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December 04, 2018

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Doctor Trombonephoneloandrone

1) Put the monument back in the exact place it was located before; thus, no relocation, thus, compliance with above statute.

2) Build cheap new building entirely around monument, with one small glass window available through which one could view the monument.

3) In front of glass window, place plaque explaining the history and purpose of confederate monuments and the collective shame that all good people should feel with respect to the confederacy.


Or just put it right back where it was and let the people do with it what they may.

anon

Weak argument about the term "jurisdiction": courts regularly refer to the jurisdiction of campus police, the jurisdiction of the rules of student conduct regulatory efforts, etc.

The contention that because the term "museum" is also ambiguous (or, that an "education center" is a "museum") means that the term "jurisdiction" doesn't mean "UNC Chapel Hill" is an even weaker argument.

Finally, the focus on the term "honor" seems bizarre.

So, the conclusion of this law professor: Defy the clear terms of the statute (i.e., break the law) and put the statue in a museum (that denigrates the University to boot)!

Justin

Would the North Forest be "a site of similar prominence, honor, visibility, availability, and access?" Whatever that means?

I'd just ignore the statute as impossibly vague. ::shrugs::

anon

"a site of similar prominence, honor, visibility, availability, and access"

The words "visibility, availability, and access" do not seem to be vague at all in this context.

"Prominence" and "honor" might be vague, in this context; but aren't.

"Prominence" means "the quality, state, or fact of being ... conspicuous." "Honor" means "to give recognition to."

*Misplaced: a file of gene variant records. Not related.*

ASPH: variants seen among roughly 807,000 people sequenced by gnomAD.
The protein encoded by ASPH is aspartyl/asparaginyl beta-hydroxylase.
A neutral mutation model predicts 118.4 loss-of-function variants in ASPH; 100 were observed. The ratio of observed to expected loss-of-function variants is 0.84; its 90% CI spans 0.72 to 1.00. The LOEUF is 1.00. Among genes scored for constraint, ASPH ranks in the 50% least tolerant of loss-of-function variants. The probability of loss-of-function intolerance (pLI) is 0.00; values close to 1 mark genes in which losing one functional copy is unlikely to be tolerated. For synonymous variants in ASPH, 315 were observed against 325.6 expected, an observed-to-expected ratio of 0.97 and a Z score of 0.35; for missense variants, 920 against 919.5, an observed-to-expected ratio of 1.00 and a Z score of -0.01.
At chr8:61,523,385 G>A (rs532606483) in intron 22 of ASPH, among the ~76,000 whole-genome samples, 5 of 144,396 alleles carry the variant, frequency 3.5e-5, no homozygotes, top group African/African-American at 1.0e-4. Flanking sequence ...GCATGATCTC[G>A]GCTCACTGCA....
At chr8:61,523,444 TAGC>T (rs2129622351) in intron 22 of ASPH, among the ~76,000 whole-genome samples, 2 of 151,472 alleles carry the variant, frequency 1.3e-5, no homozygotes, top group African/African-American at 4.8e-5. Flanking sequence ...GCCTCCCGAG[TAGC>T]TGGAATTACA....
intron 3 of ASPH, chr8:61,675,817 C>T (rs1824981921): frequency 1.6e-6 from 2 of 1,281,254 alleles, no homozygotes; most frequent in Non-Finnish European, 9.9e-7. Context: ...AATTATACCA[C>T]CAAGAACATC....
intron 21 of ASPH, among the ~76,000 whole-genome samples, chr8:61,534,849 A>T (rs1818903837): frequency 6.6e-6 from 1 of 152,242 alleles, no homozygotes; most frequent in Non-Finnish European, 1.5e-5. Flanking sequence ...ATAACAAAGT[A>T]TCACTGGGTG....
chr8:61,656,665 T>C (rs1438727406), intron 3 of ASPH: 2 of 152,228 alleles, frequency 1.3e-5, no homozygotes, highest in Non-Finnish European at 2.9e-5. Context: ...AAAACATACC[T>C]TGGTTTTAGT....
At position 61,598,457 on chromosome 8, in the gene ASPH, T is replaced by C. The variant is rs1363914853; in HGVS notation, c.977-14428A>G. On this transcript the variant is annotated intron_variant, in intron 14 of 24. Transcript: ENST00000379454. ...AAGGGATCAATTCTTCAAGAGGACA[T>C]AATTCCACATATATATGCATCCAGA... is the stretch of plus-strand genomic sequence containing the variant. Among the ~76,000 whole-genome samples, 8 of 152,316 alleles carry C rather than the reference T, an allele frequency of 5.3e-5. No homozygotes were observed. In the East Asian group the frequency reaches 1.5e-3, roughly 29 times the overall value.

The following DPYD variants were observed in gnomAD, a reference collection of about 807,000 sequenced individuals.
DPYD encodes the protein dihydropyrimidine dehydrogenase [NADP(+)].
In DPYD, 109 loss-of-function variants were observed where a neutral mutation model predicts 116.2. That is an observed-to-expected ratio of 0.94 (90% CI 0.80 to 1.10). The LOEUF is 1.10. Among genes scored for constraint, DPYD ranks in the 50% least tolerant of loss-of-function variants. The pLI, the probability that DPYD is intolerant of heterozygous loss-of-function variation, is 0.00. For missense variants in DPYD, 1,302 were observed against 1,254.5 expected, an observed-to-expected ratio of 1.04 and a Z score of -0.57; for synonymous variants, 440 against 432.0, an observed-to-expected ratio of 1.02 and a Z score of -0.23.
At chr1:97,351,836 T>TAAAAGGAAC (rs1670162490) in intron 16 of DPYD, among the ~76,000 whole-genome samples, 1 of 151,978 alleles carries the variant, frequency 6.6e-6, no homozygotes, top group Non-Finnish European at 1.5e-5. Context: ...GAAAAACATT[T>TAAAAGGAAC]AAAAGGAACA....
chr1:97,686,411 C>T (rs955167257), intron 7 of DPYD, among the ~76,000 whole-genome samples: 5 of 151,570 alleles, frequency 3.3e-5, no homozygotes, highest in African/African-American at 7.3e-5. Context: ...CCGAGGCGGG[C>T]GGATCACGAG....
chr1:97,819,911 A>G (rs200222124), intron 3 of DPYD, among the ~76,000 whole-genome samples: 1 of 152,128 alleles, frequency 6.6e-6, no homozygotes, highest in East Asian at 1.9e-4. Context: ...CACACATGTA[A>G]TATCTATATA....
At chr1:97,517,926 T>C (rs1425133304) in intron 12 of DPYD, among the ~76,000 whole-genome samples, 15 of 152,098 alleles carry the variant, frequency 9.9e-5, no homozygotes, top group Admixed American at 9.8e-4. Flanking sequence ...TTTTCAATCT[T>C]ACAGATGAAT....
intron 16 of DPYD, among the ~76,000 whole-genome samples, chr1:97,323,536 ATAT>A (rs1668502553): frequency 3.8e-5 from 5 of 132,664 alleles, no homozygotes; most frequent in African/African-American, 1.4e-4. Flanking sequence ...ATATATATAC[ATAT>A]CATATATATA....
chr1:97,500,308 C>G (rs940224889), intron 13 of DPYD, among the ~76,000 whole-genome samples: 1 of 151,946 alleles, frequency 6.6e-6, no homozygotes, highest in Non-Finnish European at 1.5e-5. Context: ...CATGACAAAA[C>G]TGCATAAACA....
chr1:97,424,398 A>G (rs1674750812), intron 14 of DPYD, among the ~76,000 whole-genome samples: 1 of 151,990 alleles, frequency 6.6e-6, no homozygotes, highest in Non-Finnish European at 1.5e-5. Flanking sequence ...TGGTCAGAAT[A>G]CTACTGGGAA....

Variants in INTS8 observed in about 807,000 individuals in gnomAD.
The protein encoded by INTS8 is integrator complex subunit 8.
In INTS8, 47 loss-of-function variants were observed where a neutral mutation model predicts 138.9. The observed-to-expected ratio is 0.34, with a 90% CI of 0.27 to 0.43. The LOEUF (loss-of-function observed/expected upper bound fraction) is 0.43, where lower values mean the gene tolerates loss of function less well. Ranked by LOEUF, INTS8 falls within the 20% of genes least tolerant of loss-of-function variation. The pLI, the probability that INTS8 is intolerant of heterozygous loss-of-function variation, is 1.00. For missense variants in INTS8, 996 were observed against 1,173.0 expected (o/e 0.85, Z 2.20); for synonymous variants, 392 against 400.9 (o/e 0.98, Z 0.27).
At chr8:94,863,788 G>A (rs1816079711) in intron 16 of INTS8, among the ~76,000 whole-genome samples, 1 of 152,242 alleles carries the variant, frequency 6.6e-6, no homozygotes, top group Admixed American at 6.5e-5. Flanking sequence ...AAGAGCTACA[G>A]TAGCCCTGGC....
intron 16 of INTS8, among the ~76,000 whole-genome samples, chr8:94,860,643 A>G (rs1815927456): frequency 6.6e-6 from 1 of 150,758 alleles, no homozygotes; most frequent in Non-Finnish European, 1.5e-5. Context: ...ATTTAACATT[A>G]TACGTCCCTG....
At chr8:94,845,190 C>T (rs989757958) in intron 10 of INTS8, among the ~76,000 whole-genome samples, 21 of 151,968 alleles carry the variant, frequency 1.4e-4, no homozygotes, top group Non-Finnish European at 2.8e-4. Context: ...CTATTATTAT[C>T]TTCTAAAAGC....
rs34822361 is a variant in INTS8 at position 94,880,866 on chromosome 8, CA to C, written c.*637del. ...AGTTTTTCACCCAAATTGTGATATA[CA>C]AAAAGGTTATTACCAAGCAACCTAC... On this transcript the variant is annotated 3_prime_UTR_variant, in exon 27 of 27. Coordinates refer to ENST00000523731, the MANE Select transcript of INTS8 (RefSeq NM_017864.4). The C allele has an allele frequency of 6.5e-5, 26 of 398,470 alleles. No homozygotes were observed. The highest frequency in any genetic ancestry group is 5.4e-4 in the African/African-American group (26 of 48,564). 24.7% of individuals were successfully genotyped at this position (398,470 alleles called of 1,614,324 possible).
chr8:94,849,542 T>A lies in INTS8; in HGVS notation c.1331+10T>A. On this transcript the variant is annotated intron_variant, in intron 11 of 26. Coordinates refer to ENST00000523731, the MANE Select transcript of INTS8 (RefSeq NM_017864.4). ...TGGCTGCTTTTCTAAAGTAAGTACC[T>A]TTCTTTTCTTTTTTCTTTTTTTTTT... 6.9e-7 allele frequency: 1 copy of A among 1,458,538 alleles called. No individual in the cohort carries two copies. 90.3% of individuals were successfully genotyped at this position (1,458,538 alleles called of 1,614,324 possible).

What is so impossible about interpreting the referenced clause of the statute?

Anon

“What does all this mean? It means that the law is not mandating outcomes about Silent Sam. Political judgments are.“

That’s preposterous. The writer is correct that the “museum” and “honor” requirements place UNC’s proposal outside the bounds of what the law mandates, but the law does mandate an outcome. It is not unusual that there is some uncertainty or debate over what, exactly, that mandate is. This happens frequently with laws. This is why we have courts to help us better understand and apply the mandate of the law to the facts at hand.

Of course the writer, a professor of law, knows all that. What motivates his arguments is a preference, not a fair presentation of what he knows to be the legal process.

Jean Davison

I think clearly building a 5 million dollar building to house this statue that the majority of students and faculty oppose is a waste of taxpayers $$ and student's fees. The town of Chapel Hill opposes it and should have a voice too since they too must "guard" it and protesters within their jurisdiction. Perhaps our state law needs to be re-visited and changed!

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